Climate change could turn Seattle into an umbrella city
Seattle has long been known for its umbrella-shunning ways, but more extreme weather and heavier rain may put that ethos to the test.
Why it matters: In another sign of how climate change is altering our landscape in large — and small — ways, the unspoken rule that dictated a hooded parka over a bumbershoot may be evolving as the city gets more extreme weather and heavier rain.
By the numbers: While the National Weather Service doesn't keep records on how hard it rains, it does keep records on the quantity of precipitation, the meteorologist in charge of the Seattle forecast station Logan Johnson told Axios. And those numbers speak to why people "may be rethinking the umbrella," he said.
- Based on 80 years of weather records taken at Seattle-Tacoma International Airport, Seattle is seeing more days with over 1 inch of rain, he said.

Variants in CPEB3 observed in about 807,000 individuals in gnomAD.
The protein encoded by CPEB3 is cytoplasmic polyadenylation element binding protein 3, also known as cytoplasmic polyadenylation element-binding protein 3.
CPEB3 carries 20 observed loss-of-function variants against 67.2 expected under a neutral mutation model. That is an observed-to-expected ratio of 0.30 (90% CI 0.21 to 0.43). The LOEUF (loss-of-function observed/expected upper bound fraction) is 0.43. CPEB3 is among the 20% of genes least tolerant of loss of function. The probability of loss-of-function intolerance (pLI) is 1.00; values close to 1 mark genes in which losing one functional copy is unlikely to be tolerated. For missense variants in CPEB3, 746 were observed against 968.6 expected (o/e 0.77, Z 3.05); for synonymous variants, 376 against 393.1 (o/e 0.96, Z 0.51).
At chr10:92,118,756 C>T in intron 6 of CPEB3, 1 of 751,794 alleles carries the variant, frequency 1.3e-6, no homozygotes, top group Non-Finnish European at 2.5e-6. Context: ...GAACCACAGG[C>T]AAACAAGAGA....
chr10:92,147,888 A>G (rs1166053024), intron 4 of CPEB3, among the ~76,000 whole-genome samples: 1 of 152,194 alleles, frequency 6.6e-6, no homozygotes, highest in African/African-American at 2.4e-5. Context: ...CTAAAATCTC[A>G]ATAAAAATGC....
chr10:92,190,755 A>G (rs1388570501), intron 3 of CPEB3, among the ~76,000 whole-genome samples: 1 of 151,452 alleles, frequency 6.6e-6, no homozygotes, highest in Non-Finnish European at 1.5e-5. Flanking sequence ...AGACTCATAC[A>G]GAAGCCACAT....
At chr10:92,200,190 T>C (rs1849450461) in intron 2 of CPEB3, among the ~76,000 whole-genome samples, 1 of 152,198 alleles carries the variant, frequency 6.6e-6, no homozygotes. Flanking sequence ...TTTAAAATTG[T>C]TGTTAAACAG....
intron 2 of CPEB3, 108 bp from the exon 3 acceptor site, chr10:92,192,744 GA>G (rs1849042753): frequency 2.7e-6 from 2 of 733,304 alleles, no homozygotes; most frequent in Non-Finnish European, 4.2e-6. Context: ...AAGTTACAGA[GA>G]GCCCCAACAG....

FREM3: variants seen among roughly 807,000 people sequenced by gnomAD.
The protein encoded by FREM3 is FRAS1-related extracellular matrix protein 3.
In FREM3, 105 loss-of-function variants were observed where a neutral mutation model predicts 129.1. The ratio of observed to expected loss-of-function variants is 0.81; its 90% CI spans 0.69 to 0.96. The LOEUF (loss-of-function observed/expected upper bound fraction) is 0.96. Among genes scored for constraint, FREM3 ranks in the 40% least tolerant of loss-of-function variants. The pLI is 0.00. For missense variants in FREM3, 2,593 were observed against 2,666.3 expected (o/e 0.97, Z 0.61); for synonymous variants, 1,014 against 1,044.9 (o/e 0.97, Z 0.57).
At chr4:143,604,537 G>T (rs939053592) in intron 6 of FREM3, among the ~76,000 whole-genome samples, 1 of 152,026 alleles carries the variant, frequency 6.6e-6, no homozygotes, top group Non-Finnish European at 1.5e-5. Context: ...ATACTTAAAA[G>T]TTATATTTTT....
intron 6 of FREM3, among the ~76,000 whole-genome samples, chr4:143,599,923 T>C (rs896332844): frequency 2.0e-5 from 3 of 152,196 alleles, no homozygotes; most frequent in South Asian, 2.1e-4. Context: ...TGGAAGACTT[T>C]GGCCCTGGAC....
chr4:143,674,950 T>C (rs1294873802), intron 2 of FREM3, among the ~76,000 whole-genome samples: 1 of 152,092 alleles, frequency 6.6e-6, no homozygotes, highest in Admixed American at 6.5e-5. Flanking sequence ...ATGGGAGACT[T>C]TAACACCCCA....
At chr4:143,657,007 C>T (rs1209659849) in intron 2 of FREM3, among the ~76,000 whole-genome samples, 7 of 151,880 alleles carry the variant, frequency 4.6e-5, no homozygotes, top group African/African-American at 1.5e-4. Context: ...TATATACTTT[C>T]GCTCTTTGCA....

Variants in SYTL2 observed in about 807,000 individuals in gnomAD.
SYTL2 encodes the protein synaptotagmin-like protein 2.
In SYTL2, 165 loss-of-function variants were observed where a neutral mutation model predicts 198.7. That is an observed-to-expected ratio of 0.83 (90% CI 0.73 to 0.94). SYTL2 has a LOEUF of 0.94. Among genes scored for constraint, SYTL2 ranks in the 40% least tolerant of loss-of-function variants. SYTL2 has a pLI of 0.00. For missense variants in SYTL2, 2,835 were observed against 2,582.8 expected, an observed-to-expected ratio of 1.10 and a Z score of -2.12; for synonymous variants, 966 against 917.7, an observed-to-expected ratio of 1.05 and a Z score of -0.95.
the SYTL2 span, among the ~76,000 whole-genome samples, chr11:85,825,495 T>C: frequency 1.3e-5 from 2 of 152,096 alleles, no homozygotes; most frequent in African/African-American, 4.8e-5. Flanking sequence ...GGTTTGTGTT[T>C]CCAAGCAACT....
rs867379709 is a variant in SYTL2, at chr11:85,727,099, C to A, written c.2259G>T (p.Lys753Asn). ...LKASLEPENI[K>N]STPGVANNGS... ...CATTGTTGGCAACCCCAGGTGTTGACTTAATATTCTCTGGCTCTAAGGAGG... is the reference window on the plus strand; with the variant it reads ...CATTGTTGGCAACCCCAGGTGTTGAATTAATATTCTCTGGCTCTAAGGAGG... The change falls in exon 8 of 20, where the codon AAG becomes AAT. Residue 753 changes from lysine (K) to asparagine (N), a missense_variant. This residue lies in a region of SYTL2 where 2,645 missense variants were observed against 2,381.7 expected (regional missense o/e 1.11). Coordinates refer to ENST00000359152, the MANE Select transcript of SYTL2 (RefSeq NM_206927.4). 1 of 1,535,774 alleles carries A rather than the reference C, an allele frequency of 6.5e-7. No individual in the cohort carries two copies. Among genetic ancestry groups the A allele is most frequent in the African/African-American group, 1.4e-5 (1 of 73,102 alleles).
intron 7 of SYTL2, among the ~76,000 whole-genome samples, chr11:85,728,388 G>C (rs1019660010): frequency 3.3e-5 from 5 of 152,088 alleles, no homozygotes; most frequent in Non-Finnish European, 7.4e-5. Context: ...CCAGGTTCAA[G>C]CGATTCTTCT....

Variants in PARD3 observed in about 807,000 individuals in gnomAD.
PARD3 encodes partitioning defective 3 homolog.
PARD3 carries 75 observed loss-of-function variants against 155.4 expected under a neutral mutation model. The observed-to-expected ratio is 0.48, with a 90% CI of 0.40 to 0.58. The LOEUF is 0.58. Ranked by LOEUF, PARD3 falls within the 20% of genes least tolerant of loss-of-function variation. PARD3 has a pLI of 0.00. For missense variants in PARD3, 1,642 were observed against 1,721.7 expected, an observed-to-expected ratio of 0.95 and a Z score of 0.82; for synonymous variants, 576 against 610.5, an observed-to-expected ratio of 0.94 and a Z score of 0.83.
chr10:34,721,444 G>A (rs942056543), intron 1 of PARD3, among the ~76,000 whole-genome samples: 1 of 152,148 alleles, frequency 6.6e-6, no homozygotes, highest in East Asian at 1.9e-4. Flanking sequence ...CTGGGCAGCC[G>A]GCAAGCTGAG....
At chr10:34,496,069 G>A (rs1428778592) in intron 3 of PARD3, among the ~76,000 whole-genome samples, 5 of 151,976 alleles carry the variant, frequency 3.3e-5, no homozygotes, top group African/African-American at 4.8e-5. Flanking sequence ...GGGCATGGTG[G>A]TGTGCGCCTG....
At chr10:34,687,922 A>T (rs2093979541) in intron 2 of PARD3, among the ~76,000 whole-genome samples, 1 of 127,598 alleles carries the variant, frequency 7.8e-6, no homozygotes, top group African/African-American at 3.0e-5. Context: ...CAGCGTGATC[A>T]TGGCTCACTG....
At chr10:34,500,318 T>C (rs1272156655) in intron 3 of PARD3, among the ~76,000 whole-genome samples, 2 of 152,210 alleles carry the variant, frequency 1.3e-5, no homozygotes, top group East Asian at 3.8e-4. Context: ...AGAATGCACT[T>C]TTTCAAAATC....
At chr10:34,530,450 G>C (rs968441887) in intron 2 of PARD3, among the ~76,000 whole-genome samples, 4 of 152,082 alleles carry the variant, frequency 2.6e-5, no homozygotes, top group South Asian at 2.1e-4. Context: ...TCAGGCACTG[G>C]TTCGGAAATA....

- Among days with the highest rainfall total, five of them have occurred since 2000, he said.
- The wettest day was on Oct. 20, 2003, when the city got 5.02 inches of rain; the 5th wettest was recorded on Dec. 20, 2022 with 3.25 inches.
Even more significant, said Logan, eight of the ten wettest three-day stretches in Seattle's recorded weather history have occurred since 2000.
- The wettest fall on record was recorded in 2021 with 10 inches falling in November alone.
Be smart: Climate model predictions indicate the Pacific Northwest will see increases in average annual and seasonal temperatures, as well as increases in extreme heat and heavy rainfall events.
What they're saying: "We are amateur umbrella-users," said Knute "Mossback" Berger, Crosscut's editor-at-large and host of the "Mossback's Northwest" TV series on KCTS 9.
- "It's a double hazard to use an umbrella and look at your phone," he said. "Maybe we need to license people to carry."
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